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The Quinnipiac Chronicle

The Student News Site of Quinnipiac University

The Quinnipiac Chronicle

The Student News Site of Quinnipiac University

The Quinnipiac Chronicle

More than a number


[media-credit name=”Photo courtesy of Alvaro Ugaz” align=”alignright” width=”300″][/media-credit]Every year during the Miss Peru beauty pageant, contestants introduce themselves, the region they represent and provide body measurements in front of a panel of judges.

This year something different happened during that typically routine section of the contest. On Oct. 29, in lieu of providing the judges with their body measurements, Miss Peru contestants dropped statistics regarding sexual assault and femicide, the term that Latin American countries coined to characterize the widespread killings of women at the hands of men in the past decade.

The protest was pre-planned by the event organizers. During the question-and-answer stage of the competition, contestants were asked how they would put an end to feminicide.

Jessica Newton, the pageant’s head organizer and former beauty queen, justified the show’s focus on feminicide by suggesting that all who don’t do something to end the issue are accomplices to the crimes against the victims. Newton said that she kept the swimsuit portion of the competition in order to show that women deserve respect no matter what they are wearing.

“My name is Camila Canicoba and I represent the department of Lima,” the first contestant said. “My measurements are: 2,202 cases of feminicide reported in the last nine years in my country.”

Another 22 contestants followed suit.

“My name is Samantha Batallanos and I represent Lima and my figures are: a girl dies every 10 minutes as a result of sexual exploitation,” another contestant said.

Kelin Rivera of Arequipa, Peru approached the microphone and held back tears in exposing her region as being home to 6,573 reported cases of violence against women.

The pageant audience roared after each bombshell statistic rang through the monitors of the auditorium. Eventually, the entire world heard the contestants’ call for recognition.

#MisMedidasSon, which translates to #MyMeasurementsAre, went viral on Twitter. Users around the world got wind of the protests and offered their support for the cause by furthermore sharing articles and statistics about sexual violence.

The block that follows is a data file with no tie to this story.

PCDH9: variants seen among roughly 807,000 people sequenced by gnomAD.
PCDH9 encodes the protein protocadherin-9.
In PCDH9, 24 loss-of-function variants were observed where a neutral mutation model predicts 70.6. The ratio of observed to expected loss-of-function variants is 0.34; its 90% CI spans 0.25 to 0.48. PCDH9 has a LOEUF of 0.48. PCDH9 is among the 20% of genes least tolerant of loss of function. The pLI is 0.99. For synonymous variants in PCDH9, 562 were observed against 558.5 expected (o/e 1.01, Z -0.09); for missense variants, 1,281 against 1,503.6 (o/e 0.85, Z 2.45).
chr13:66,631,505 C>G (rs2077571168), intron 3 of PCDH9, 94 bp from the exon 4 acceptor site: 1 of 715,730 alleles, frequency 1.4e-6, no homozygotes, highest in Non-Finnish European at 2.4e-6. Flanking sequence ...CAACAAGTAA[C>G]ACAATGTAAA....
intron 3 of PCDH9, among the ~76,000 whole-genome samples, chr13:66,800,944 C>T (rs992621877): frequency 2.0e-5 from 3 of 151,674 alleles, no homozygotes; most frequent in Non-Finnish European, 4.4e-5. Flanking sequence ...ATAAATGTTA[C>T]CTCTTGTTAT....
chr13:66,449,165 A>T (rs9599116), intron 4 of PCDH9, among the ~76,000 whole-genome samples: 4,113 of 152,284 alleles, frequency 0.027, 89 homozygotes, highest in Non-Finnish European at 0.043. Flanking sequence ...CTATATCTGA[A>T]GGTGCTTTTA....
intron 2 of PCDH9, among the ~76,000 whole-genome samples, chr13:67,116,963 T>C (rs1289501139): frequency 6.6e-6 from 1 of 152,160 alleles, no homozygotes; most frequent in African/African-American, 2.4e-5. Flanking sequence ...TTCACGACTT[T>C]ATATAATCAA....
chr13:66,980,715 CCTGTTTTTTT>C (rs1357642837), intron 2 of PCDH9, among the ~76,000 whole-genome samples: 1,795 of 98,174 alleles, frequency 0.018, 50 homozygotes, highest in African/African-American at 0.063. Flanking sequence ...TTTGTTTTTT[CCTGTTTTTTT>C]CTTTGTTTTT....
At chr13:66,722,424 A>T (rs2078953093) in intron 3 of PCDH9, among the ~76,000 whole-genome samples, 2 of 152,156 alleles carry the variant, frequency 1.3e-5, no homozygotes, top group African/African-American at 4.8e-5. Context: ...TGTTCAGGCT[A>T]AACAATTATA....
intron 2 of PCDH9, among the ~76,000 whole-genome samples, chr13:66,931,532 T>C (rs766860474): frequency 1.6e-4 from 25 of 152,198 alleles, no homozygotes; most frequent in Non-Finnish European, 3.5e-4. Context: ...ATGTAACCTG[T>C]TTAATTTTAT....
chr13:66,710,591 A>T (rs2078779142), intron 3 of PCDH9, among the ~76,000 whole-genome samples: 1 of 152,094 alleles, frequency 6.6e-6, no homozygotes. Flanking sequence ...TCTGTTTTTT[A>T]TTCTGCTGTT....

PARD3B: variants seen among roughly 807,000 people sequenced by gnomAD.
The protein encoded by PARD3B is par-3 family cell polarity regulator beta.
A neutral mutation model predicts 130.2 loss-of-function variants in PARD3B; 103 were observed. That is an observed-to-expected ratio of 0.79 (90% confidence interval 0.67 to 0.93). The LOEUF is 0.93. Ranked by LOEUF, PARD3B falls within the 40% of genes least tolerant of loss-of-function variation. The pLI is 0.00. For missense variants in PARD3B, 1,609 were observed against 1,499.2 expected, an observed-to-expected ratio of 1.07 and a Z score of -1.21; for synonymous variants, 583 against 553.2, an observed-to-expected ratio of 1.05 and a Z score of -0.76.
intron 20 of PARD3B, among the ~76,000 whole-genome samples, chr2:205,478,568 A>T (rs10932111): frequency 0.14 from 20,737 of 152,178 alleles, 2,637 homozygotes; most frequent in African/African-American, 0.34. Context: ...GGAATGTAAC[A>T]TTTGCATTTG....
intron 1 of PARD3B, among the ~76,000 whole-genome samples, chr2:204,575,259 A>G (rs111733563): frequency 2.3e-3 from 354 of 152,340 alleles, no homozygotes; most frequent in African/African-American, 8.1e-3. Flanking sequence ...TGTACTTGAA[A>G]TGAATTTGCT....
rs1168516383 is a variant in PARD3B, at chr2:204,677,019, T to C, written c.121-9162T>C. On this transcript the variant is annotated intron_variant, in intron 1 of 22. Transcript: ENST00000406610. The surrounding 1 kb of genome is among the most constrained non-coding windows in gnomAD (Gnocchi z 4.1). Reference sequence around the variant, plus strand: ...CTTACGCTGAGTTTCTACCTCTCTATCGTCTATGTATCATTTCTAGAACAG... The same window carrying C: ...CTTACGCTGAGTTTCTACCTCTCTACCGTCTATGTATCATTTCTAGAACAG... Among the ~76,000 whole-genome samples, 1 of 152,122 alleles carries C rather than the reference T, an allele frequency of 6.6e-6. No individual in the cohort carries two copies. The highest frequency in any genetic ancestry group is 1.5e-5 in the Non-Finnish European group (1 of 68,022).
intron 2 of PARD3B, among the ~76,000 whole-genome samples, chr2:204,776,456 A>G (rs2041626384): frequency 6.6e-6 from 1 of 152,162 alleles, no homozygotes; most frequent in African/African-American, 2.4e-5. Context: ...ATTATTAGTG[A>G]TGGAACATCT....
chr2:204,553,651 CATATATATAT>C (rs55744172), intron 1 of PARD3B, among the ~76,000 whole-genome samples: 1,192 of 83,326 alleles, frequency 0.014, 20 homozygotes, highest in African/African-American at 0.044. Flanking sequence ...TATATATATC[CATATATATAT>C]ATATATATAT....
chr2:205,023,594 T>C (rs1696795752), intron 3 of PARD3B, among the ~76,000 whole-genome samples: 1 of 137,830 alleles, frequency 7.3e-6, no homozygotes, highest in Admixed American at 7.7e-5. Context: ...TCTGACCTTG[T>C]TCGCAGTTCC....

The Prime Minister of Peru, Mercedes Aráoz, said that she was disappointed in how her country was being viewed on the interwebs after #PeruPaísDeVioladores (translated to #PeruCountryOfRapists) emerged on social media as well.

“Peru is more than that,” Aráoz said. She also revealed that last year she had been involved in a psychologically abusive relationship.

While many on social media were moved by the pageant contestants’ statistics, others weren’t as dazzled by the glamorous protest. Peruvian writer and activist Mary Lara Salvatierra expressed her discontent with the competition existing in the first place in a piece she wrote for the Tribuna Feminista. In “Miss Peru and the false idea of the free woman,” she discusses the reality that pageants around the world are primarily working with the beauty industry in seeking profits ahead of anything else and that the protest was merely a calculated ploy by the event organizers to generate free advertisement for the program in order to market cosmetic products, while also “washing the face” and modernizing a competition that she sees as objectifying.

“Miss Peru 2018 went viral worldwide generating a lot of free promotion for the organizers, for the owners of the channel that transmitted the event, and of course, for the beauty industry in the country that, according to the Chamber of Commerce of Lima, this year increased sales by eight percent and we assume, with this free advertising that number will increase until the end of the year,” Salvatierra wrote.

The Miss Peru protest came as another wave within the ocean of outcry exposing widespread sexual assault against women.

While feminicide in Latin America has attracted global attention, assaults against women have made headlines close to home.

In early October, The Weinstein Company’s executive board subsequently fired co-founder Harvey Weinstein after The New York Times published reports accusing the Hollywood mogul of rape and other sexual harassment. Since then, 78 alleged victims have spoken out against Weinstein, with some claiming that the prominent producer used his influence to coerce female actresses and models into sexual behavior.

As sexual assault and violence against women are beginning to take the forefront of the global conversation about gender equality, more protests and accusations surface every day in the media. Whether it is through a beauty pageant broadcasted live on national television or a New York Times investigative story that gives light to a man that used his status to sexualize women of his choosing, journalists and public figures are continually combating gender violence one step at a time by bringing attention to the centuries-old plague.

“We definitely had wanted a different Miss Peru,” Luciana Olivares, content and strategy manager for the Frecuencia Latina TV station, told NPR. “But it was only during the last weeks where it became obvious that we needed a cry against violence on women.”

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